Brioche knitting, also known as English Rib Pattern, has a reputation for being a complicated technique in knitting.
We think it is completely unjustified because the different brioche variations are actually quite simple. There are basically three different types of brioche patterns: Basic brioche, half brioche and mock or fake brioche. And all three are not rocket science, but ultimately just fluffy 1x1 ribs: beautifully thick, stretchy and equally pretty to look at from both sides. How they are knitted is our topic today. We will introduce you to the three basic variations, which can be knitted in rows and rounds. You will soon be able to knit beautiful scarves! And if you get hooked, you can move on to knitting two-coloured brioche projects as well!
The brioche stitch pattern always produces a particularly voluminous fabric. When knitting the basic brioche pattern (as opposed to the so-called "mock" brioche), a stitch is only knitted in every other row or round. The lush, three-dimensional structure of the knitted fabric results from slip stitches and yarn overs as well as stitches worked one stitch below. English rib stitches are “yarn eaters”; you will wind up using a lot more yarn than when knitting in stockinette stitch. This will make the garment correspondingly heavier, so you should think carefully about which yarn you choose for a project. Normal cotton is quite unsuitable not only because it is heavy, but also because due to the weight, the fabric will stretch out and lose its shape easily. Super-wash yarns are also not ideal for brioche patterns, as they tend to "fluff". This would quickly cause the thick ribbing of the brioche to get out of shape. Thick, fluffy yarns are ideal for brioche patterns. Tibetan, for example, is a wonderful yarn for this. Merino Baby or Balayage knitted together with Manada are also beautiful alternatives.
So, let´s talk about the different brioche variations:
The basic brioche pattern is created by slipping stitches and creating yarn overs in one row and then knitting those stitches together in the following rows. This results in a striking reversible fabric which is lush and bulky. A variation of the brioche stitch is the Fisherman´s Rib which is typically made by stitching into the row below. The two variants do not differ in terms of appearance - the result is the same, only the way to get there is different. Whether you prefer to work with yarn overs or stitches in the row below is entirely a matter of taste.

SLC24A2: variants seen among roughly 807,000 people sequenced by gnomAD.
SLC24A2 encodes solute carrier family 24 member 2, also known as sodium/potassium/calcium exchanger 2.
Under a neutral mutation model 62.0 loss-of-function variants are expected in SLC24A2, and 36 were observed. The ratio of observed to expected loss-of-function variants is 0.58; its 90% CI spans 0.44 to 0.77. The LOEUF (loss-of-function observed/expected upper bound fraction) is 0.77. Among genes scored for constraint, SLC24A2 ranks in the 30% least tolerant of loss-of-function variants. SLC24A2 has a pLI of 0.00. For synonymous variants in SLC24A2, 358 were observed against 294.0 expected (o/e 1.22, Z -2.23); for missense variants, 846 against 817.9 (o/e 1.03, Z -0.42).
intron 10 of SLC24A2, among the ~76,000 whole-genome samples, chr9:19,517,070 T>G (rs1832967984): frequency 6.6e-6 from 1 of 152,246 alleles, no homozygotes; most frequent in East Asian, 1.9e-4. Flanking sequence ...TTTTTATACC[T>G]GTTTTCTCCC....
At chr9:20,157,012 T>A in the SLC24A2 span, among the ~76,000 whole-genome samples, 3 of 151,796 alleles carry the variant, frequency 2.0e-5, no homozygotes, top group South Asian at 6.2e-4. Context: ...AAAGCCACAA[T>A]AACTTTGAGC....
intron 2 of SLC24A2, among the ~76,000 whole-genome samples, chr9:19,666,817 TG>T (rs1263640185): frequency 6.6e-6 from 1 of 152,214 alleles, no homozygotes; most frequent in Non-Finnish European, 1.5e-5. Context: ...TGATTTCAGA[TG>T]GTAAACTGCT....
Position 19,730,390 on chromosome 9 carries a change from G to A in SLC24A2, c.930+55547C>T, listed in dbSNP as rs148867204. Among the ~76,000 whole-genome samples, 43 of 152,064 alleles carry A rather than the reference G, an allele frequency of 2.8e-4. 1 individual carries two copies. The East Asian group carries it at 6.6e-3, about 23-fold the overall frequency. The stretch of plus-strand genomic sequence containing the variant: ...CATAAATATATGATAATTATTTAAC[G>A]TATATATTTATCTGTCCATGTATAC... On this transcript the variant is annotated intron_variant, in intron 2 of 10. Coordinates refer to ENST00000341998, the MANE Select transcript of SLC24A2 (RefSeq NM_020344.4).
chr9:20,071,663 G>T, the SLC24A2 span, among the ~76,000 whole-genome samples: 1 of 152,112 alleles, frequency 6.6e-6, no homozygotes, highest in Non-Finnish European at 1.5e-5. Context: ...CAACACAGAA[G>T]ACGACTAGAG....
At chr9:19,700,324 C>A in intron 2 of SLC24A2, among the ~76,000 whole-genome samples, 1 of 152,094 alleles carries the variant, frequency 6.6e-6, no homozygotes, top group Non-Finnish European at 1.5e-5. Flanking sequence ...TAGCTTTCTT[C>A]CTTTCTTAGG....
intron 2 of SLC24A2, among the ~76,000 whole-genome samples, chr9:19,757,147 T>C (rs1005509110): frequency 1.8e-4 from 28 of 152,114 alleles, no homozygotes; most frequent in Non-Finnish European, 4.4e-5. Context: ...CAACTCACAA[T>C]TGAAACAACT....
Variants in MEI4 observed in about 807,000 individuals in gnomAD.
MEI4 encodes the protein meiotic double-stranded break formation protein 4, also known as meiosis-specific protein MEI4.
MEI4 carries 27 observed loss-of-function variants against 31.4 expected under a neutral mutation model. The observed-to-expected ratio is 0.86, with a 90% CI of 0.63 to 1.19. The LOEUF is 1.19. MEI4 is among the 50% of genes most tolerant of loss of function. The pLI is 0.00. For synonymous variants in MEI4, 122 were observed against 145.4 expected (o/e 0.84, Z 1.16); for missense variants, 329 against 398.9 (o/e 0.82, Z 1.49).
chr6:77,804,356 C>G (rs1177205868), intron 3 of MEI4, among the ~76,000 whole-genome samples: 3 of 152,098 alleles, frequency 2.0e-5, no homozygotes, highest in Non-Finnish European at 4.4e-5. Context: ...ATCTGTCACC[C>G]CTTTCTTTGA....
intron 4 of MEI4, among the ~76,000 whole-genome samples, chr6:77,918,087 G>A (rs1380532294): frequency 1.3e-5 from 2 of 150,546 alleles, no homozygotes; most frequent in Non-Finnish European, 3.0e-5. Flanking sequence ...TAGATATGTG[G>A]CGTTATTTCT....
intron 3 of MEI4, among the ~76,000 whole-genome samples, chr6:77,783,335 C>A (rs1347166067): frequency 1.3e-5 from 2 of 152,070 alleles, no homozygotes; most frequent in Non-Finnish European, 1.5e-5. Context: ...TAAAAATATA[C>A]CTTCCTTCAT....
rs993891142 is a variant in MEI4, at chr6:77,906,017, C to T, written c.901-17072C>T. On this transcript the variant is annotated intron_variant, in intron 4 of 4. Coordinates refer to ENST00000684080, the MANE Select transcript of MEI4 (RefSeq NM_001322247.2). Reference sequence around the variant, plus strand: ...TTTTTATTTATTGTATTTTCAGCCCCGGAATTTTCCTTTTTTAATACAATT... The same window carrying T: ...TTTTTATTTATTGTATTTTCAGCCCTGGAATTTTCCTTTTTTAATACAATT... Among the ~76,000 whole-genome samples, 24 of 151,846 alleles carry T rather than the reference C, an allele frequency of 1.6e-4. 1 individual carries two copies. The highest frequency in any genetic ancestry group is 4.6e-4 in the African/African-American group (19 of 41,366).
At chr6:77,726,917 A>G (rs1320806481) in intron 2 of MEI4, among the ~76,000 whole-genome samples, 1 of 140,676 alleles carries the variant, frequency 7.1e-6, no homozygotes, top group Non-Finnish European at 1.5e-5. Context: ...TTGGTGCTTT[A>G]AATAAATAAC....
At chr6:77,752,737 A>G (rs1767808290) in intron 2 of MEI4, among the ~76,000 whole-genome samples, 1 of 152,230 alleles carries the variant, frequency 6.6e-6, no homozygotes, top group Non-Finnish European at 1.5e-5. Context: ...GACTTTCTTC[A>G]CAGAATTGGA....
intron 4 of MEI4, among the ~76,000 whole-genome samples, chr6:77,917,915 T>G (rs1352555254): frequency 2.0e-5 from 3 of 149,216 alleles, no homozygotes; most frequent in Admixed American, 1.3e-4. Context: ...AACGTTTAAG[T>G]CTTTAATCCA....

Basic Brioche with Yarn Overs
The brioche stitch is created by working a combination of yarn overs with slip stitches from the row below and then in the subsequent row working those pairs together.
Basic Brioche with Yarn Overs in Rows
The brioche stich in rows is just a single row repeat on an even number of stitches. On the set up row, the very first stitch is the selvedge stitch (k1), then you slip or move one stitch over purl wise to the right needle and do a yarn over (sl1yo). Knit he following stitch. On the next row, you are going to slip a stich and do a yarn over (sl1yo). The next two stitches which are kind of on top of each other here will be knit together. This is known as a brioche knit stitch (brk). The following rows are worked in exactly the same way.
Set-up row: selvedge stitch (sl1yo, k1,) selvedge stitch
Row 2: selvedge stitch (sl1yo, brk) selvedge stitch. Repeat row 2 till the end.
Basic Brioche with Yarn Overs in Rounds
The whole thing also works in the round, of course. The set up row is a repeat of a knit stitch followed by a slip over and a yarn over. In the first round, all stitches are then purled together with their yarn overs (brioche purl = 1brp) and the knit stitches are slipped (sl1yo).
In round two, the purl stitches with yarn over are slipped (sl1yo) and the knit stitches are knitted together with their yarn over (brioche knit = 1brk).
After that, rounds 2 and 3 are repeated alternately until the end.
Set-up row: (k1, sl1yo)
Row 1: (sl1yo, brp)
Row 2: (brk, sl1yo)
Row 3: sl1yo, 1brk Repeat, rounds 2 and 3 alternately until the end.
Here the brioche pattern, is not created by a yarn over but by knitting every second stitch one row below and letting that stitch unravel. It´s kind of intentionally dropping a stitch. This is the equivalent to a stitch knit together with its yarn over in brioche.
Fisherman´s Rib in Rows
The starting round is once again a repetition of a purl and a knit (p1, k1) framed by selvedge stitches. In the first and all following rows, all right stitches are then knitted one row below (k1b), i.e. by inserting the needle into the knit stitch below the stitch on the needle, knitting, and sliding both stitches off the needle. All purl stitches are purled.